Feb 092013

God help me, I enjoy these translation exercises. Translating bossa nova lyrics isn’t poetry translation per se (or is it?), but Antônio Carlos Jobim was a very fine lyricist, and this is a favorite song of mine. It works out in Hebrew!

I am attaching the Getz/Gilberto version, of course, because not only is it untouchable, but the addition of Stan Getz provides the requisite Jewish content for Soul and Gone. I’ll take it where I can get it.

Stan Getz and João Gilberto - Corcovado (Quiet Nights of Quiet Stars)

Antônio Carlos Jobim

Um cantinho, um violão
Este amor, uma canção
Pra fazer feliz a quem se ama
Muita calma pra pensar
E ter tempo pra sonhar
Da janela vê se o Corcovado
O Redentor, que lindo
Quero a vida sempre assim
Com você perto de mim
Até o apagar da velha chama
E eu que era triste
Descrente desse mundo
Ao encontrar você eu conheci
O que é felicidade, meu amor.1

אנטוניו קרלוס ז’ובים

פִּנָּה קְטָנָה, וְגִּיטָרָה
אַהֲבָה זוּ ,וְגָם שִׁירָה
שֶׁיְּשַׂמְחוּ אֶת לֵב הַמְּאַהֶבֶת
שַׁלְוָה רָבָּה לְמַחֲשָׁבוֹת
זְמָן מַסְפִּיק לְחֲלוֹמוֹת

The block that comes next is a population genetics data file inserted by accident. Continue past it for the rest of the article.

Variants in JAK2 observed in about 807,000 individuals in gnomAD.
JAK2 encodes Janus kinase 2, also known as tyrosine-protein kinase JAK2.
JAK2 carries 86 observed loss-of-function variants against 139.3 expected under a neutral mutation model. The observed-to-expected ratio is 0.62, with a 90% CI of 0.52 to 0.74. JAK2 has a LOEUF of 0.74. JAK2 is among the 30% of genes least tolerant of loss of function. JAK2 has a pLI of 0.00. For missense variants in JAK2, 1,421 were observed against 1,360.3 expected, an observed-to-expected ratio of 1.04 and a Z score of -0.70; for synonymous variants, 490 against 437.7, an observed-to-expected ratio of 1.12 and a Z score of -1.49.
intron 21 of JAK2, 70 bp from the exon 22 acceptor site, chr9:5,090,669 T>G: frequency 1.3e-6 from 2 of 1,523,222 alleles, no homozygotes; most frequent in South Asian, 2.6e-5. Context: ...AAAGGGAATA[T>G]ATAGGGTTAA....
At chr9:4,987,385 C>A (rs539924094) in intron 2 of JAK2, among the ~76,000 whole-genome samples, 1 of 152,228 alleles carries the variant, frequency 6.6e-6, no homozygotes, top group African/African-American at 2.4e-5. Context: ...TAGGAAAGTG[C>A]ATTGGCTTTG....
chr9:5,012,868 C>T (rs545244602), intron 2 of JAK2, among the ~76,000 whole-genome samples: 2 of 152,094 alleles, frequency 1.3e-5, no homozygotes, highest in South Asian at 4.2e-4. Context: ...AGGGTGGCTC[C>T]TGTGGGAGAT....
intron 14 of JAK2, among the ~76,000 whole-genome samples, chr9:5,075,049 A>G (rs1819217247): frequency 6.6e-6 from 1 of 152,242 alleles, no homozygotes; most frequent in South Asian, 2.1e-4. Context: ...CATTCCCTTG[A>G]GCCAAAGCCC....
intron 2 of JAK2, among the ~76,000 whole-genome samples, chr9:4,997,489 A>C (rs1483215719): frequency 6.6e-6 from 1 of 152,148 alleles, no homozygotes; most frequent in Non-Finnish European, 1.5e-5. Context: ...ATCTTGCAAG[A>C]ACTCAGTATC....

וְחַלּוֹן פּוֹנֶה לְקוֹרְקוּבַדּוּ:
מַה יָפֶה גֹּאֲלֵנוּ!
מִי יִתֵּן וַיַּעַבְרוּ כָּךְ הַחַיִּים
וּקְרוֹבָה תִּהְיִי לְעוֹלָמִים
עֲדֵי דִמְדּוּמֵי לַהַט עַתִּיק־יוֹמִין
וָאֲנִי, שֶׁנֶּעֱצַבְתִּי,
וּבָעוֹלָם הַזֶּה כָּפַרְתִּי,
עֵת מְצָאתִיךְ הֵיטֵב יָדַעְתִּי
מַהִי קוֹרַת־רוּחַ, אֲהוּבָתִי.

  1. A little corner, a guitar
    This love, a song
    To make the one you love happy
    Plenty of calm for thinking
    Plenty of time for dreaming
    From the window one can see Corcovado
    The Redeemer, how beautiful
    I want life to be like this always
    With you close to me
    Until the quenching of the ancient flame
    And I, who was sad
    A disbeliever in this world
    When I found you I first knew
    What happiness is, my love.

  2 Responses to “And another experiment!”

  1. Wow! I wish I spoke Portuguese…
    עדי דמדומי להט עתיק–יומין, what a line.

  2. Thanks! That’s my favorite too. In Portuguese it’s more literally “until the extinguishing of the ancient flame,” but I just love the word “dimdumim,” with its simultaneous evocations of twilight, sunset and the flickering-out of light or flame, so I try not to miss any chances to use it. And as far as atik-yomin, well, once you go Bialikian with “dimdumim,” you might as well stay there.

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